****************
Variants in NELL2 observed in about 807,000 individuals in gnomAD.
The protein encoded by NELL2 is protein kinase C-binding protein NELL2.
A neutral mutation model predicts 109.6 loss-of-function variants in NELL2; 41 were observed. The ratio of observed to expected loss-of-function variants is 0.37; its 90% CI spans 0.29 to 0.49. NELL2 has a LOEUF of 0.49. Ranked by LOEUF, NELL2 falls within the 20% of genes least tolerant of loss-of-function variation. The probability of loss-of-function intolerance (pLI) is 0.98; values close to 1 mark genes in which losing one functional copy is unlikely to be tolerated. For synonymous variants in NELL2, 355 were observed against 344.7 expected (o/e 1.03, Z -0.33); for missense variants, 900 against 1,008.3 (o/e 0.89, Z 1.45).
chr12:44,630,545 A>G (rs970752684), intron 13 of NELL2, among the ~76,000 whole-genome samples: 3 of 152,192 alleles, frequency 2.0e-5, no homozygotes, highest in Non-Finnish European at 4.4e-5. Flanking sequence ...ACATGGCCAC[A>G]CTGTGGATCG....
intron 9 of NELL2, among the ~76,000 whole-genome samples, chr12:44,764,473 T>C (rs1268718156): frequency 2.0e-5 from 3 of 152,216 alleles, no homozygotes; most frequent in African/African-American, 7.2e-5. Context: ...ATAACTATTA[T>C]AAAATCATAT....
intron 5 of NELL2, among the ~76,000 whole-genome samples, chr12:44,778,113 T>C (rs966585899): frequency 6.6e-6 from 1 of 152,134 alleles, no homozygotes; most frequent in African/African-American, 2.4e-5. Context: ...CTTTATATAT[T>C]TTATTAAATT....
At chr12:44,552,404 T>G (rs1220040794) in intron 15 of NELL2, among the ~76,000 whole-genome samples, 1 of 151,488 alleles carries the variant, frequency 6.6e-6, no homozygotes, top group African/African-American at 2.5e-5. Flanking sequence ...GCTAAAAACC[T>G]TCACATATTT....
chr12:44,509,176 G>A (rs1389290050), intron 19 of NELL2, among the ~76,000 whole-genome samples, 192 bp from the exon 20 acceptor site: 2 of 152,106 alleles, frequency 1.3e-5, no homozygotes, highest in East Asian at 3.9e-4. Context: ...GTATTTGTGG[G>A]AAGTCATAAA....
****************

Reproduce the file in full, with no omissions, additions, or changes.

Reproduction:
Variants in NELL2 observed in about 807,000 individuals in gnomAD.
The protein encoded by NELL2 is protein kinase C-binding protein NELL2.
A neutral mutation model predicts 109.6 loss-of-function variants in NELL2; 41 were observed. The ratio of observed to expected loss-of-function variants is 0.37; its 90% CI spans 0.29 to 0.49. NELL2 has a LOEUF of 0.49. Ranked by LOEUF, NELL2 falls within the 20% of genes least tolerant of loss-of-function variation. The probability of loss-of-function intolerance (pLI) is 0.98; values close to 1 mark genes in which losing one functional copy is unlikely to be tolerated. For synonymous variants in NELL2, 355 were observed against 344.7 expected (o/e 1.03, Z -0.33); for missense variants, 900 against 1,008.3 (o/e 0.89, Z 1.45).
chr12:44,630,545 A>G (rs970752684), intron 13 of NELL2, among the ~76,000 whole-genome samples: 3 of 152,192 alleles, frequency 2.0e-5, no homozygotes, highest in Non-Finnish European at 4.4e-5. Flanking sequence ...ACATGGCCAC[A>G]CTGTGGATCG....
intron 9 of NELL2, among the ~76,000 whole-genome samples, chr12:44,764,473 T>C (rs1268718156): frequency 2.0e-5 from 3 of 152,216 alleles, no homozygotes; most frequent in African/African-American, 7.2e-5. Context: ...ATAACTATTA[T>C]AAAATCATAT....
intron 5 of NELL2, among the ~76,000 whole-genome samples, chr12:44,778,113 T>C (rs966585899): frequency 6.6e-6 from 1 of 152,134 alleles, no homozygotes; most frequent in African/African-American, 2.4e-5. Context: ...CTTTATATAT[T>C]TTATTAAATT....
At chr12:44,552,404 T>G (rs1220040794) in intron 15 of NELL2, among the ~76,000 whole-genome samples, 1 of 151,488 alleles carries the variant, frequency 6.6e-6, no homozygotes, top group African/African-American at 2.5e-5. Flanking sequence ...GCTAAAAACC[T>G]TCACATATTT....
chr12:44,509,176 G>A (rs1389290050), intron 19 of NELL2, among the ~76,000 whole-genome samples, 192 bp from the exon 20 acceptor site: 2 of 152,106 alleles, frequency 1.3e-5, no homozygotes, highest in East Asian at 3.9e-4. Context: ...GTATTTGTGG[G>A]AAGTCATAAA....